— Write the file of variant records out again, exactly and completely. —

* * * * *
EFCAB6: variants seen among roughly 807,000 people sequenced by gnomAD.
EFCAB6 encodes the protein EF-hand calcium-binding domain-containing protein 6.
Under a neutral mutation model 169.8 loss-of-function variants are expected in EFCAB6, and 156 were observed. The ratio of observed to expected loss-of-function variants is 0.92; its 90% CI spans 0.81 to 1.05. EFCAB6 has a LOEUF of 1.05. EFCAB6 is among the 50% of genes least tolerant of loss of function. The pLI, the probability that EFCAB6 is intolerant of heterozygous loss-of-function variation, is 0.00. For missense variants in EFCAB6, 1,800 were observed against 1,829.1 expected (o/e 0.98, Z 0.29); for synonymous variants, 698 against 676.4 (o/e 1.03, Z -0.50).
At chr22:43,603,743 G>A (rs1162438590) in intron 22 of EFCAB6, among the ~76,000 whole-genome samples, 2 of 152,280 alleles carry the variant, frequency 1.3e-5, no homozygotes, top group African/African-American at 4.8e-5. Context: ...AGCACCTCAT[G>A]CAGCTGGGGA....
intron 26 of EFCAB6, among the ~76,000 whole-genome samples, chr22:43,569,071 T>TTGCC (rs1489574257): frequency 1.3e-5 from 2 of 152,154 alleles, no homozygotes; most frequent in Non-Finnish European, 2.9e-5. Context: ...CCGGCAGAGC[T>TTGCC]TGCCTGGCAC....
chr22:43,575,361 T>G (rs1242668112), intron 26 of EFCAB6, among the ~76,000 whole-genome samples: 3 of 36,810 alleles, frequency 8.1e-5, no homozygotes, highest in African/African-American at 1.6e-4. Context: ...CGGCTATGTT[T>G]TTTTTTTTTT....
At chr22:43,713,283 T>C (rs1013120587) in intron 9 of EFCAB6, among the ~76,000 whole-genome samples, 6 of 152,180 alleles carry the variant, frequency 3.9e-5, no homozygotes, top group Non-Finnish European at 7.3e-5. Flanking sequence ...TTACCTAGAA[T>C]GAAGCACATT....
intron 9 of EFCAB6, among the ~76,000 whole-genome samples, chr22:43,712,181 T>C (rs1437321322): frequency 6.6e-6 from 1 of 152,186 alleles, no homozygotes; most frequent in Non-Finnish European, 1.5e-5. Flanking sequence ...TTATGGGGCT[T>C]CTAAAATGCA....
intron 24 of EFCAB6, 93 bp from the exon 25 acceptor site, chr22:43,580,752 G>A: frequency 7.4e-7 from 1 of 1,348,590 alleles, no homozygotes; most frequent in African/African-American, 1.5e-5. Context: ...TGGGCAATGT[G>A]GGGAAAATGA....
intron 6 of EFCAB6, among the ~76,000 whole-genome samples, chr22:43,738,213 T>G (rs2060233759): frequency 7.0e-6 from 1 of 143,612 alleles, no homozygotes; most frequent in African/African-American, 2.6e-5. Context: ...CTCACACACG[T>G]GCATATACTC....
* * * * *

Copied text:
EFCAB6: variants seen among roughly 807,000 people sequenced by gnomAD.
EFCAB6 encodes the protein EF-hand calcium-binding domain-containing protein 6.
Under a neutral mutation model 169.8 loss-of-function variants are expected in EFCAB6, and 156 were observed. The ratio of observed to expected loss-of-function variants is 0.92; its 90% CI spans 0.81 to 1.05. EFCAB6 has a LOEUF of 1.05. EFCAB6 is among the 50% of genes least tolerant of loss of function. The pLI, the probability that EFCAB6 is intolerant of heterozygous loss-of-function variation, is 0.00. For missense variants in EFCAB6, 1,800 were observed against 1,829.1 expected (o/e 0.98, Z 0.29); for synonymous variants, 698 against 676.4 (o/e 1.03, Z -0.50).
At chr22:43,603,743 G>A (rs1162438590) in intron 22 of EFCAB6, among the ~76,000 whole-genome samples, 2 of 152,280 alleles carry the variant, frequency 1.3e-5, no homozygotes, top group African/African-American at 4.8e-5. Context: ...AGCACCTCAT[G>A]CAGCTGGGGA....
intron 26 of EFCAB6, among the ~76,000 whole-genome samples, chr22:43,569,071 T>TTGCC (rs1489574257): frequency 1.3e-5 from 2 of 152,154 alleles, no homozygotes; most frequent in Non-Finnish European, 2.9e-5. Context: ...CCGGCAGAGC[T>TTGCC]TGCCTGGCAC....
chr22:43,575,361 T>G (rs1242668112), intron 26 of EFCAB6, among the ~76,000 whole-genome samples: 3 of 36,810 alleles, frequency 8.1e-5, no homozygotes, highest in African/African-American at 1.6e-4. Context: ...CGGCTATGTT[T>G]TTTTTTTTTT....
At chr22:43,713,283 T>C (rs1013120587) in intron 9 of EFCAB6, among the ~76,000 whole-genome samples, 6 of 152,180 alleles carry the variant, frequency 3.9e-5, no homozygotes, top group Non-Finnish European at 7.3e-5. Flanking sequence ...TTACCTAGAA[T>C]GAAGCACATT....
intron 9 of EFCAB6, among the ~76,000 whole-genome samples, chr22:43,712,181 T>C (rs1437321322): frequency 6.6e-6 from 1 of 152,186 alleles, no homozygotes; most frequent in Non-Finnish European, 1.5e-5. Flanking sequence ...TTATGGGGCT[T>C]CTAAAATGCA....
intron 24 of EFCAB6, 93 bp from the exon 25 acceptor site, chr22:43,580,752 G>A: frequency 7.4e-7 from 1 of 1,348,590 alleles, no homozygotes; most frequent in African/African-American, 1.5e-5. Context: ...TGGGCAATGT[G>A]GGGAAAATGA....
intron 6 of EFCAB6, among the ~76,000 whole-genome samples, chr22:43,738,213 T>G (rs2060233759): frequency 7.0e-6 from 1 of 143,612 alleles, no homozygotes; most frequent in African/African-American, 2.6e-5. Context: ...CTCACACACG[T>G]GCATATACTC....